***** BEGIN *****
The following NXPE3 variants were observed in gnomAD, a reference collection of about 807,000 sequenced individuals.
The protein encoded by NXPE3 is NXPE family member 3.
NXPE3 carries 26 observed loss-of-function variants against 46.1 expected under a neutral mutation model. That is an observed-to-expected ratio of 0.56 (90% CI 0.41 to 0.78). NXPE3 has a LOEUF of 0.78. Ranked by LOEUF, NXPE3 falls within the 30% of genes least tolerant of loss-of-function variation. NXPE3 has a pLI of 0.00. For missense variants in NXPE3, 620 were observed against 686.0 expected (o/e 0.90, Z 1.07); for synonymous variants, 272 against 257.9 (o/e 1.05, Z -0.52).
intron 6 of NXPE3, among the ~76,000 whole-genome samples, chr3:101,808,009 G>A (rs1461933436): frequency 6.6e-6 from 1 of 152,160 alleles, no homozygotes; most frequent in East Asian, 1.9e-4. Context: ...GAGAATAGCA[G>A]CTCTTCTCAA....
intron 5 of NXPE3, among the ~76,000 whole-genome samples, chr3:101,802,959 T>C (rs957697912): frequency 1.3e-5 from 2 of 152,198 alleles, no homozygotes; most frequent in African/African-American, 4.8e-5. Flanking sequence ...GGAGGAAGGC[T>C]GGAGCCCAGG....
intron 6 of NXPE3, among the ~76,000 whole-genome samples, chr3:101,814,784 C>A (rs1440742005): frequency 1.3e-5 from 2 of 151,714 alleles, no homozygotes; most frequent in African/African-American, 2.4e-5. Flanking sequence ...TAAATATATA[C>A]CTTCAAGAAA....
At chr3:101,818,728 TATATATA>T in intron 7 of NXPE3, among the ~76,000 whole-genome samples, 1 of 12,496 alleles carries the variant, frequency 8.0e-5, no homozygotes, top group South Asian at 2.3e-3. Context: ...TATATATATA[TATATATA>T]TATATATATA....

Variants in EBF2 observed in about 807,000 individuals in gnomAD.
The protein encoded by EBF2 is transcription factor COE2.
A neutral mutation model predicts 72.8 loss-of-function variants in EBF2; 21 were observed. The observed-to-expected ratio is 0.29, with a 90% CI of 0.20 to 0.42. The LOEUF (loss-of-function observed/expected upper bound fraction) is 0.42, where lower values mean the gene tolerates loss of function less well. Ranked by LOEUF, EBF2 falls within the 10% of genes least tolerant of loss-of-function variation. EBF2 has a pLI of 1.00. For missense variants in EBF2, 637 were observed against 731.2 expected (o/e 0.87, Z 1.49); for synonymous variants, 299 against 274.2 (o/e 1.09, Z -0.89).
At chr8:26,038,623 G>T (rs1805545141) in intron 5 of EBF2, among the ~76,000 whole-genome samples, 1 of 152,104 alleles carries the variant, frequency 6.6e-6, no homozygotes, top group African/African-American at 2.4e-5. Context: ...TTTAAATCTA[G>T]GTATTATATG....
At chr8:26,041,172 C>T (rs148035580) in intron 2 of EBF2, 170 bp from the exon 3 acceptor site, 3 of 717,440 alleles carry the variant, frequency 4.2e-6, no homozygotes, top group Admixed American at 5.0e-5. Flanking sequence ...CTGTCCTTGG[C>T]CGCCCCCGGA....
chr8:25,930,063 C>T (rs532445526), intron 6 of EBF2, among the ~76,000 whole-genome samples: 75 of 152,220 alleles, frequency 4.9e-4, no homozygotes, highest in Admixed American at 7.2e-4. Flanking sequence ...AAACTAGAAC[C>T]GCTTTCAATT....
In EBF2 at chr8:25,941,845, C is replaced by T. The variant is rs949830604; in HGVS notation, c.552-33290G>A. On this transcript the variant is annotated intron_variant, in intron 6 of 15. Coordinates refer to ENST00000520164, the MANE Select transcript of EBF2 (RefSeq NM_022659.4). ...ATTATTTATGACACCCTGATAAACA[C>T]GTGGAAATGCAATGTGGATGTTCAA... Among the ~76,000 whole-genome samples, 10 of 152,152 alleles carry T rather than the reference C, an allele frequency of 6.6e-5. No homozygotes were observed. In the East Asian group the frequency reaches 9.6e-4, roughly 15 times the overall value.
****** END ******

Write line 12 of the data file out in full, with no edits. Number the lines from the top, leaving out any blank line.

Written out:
At chr8:26,041,172 C>T (rs148035580) in intron 2 of EBF2, 170 bp from the exon 3 acceptor site, 3 of 717,440 alleles carry the variant, frequency 4.2e-6, no homozygotes, top group Admixed American at 5.0e-5. Flanking sequence ...CTGTCCTTGG[C>T]CGCCCCCGGA....